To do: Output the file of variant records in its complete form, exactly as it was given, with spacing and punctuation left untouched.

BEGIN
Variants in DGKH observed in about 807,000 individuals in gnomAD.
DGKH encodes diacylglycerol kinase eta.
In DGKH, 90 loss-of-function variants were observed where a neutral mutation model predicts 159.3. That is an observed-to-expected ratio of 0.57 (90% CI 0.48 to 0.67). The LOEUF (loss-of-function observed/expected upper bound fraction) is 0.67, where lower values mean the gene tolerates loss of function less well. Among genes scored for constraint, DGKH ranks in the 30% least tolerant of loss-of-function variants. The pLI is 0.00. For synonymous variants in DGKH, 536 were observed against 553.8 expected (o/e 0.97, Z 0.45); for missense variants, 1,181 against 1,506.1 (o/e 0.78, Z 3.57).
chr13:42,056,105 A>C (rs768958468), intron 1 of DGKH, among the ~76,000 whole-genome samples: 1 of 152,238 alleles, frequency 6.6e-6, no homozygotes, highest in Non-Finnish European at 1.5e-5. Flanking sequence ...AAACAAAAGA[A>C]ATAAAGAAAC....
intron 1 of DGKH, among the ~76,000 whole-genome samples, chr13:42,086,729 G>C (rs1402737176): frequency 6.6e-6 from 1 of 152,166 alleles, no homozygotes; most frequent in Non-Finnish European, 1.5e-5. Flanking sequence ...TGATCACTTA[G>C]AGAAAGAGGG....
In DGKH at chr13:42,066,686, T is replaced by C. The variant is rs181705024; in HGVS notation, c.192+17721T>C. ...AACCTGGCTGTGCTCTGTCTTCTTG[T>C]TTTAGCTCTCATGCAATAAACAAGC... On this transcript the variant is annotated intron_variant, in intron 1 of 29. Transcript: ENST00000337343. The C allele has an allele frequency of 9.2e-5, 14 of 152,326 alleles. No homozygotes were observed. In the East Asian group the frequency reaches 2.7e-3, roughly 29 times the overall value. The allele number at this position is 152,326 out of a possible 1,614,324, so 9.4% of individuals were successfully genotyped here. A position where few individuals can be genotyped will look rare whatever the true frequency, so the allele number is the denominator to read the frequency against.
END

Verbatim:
Variants in DGKH observed in about 807,000 individuals in gnomAD.
DGKH encodes diacylglycerol kinase eta.
In DGKH, 90 loss-of-function variants were observed where a neutral mutation model predicts 159.3. That is an observed-to-expected ratio of 0.57 (90% CI 0.48 to 0.67). The LOEUF (loss-of-function observed/expected upper bound fraction) is 0.67, where lower values mean the gene tolerates loss of function less well. Among genes scored for constraint, DGKH ranks in the 30% least tolerant of loss-of-function variants. The pLI is 0.00. For synonymous variants in DGKH, 536 were observed against 553.8 expected (o/e 0.97, Z 0.45); for missense variants, 1,181 against 1,506.1 (o/e 0.78, Z 3.57).
chr13:42,056,105 A>C (rs768958468), intron 1 of DGKH, among the ~76,000 whole-genome samples: 1 of 152,238 alleles, frequency 6.6e-6, no homozygotes, highest in Non-Finnish European at 1.5e-5. Flanking sequence ...AAACAAAAGA[A>C]ATAAAGAAAC....
intron 1 of DGKH, among the ~76,000 whole-genome samples, chr13:42,086,729 G>C (rs1402737176): frequency 6.6e-6 from 1 of 152,166 alleles, no homozygotes; most frequent in Non-Finnish European, 1.5e-5. Flanking sequence ...TGATCACTTA[G>C]AGAAAGAGGG....
In DGKH at chr13:42,066,686, T is replaced by C. The variant is rs181705024; in HGVS notation, c.192+17721T>C. ...AACCTGGCTGTGCTCTGTCTTCTTG[T>C]TTTAGCTCTCATGCAATAAACAAGC... On this transcript the variant is annotated intron_variant, in intron 1 of 29. Transcript: ENST00000337343. The C allele has an allele frequency of 9.2e-5, 14 of 152,326 alleles. No homozygotes were observed. In the East Asian group the frequency reaches 2.7e-3, roughly 29 times the overall value. The allele number at this position is 152,326 out of a possible 1,614,324, so 9.4% of individuals were successfully genotyped here. A position where few individuals can be genotyped will look rare whatever the true frequency, so the allele number is the denominator to read the frequency against.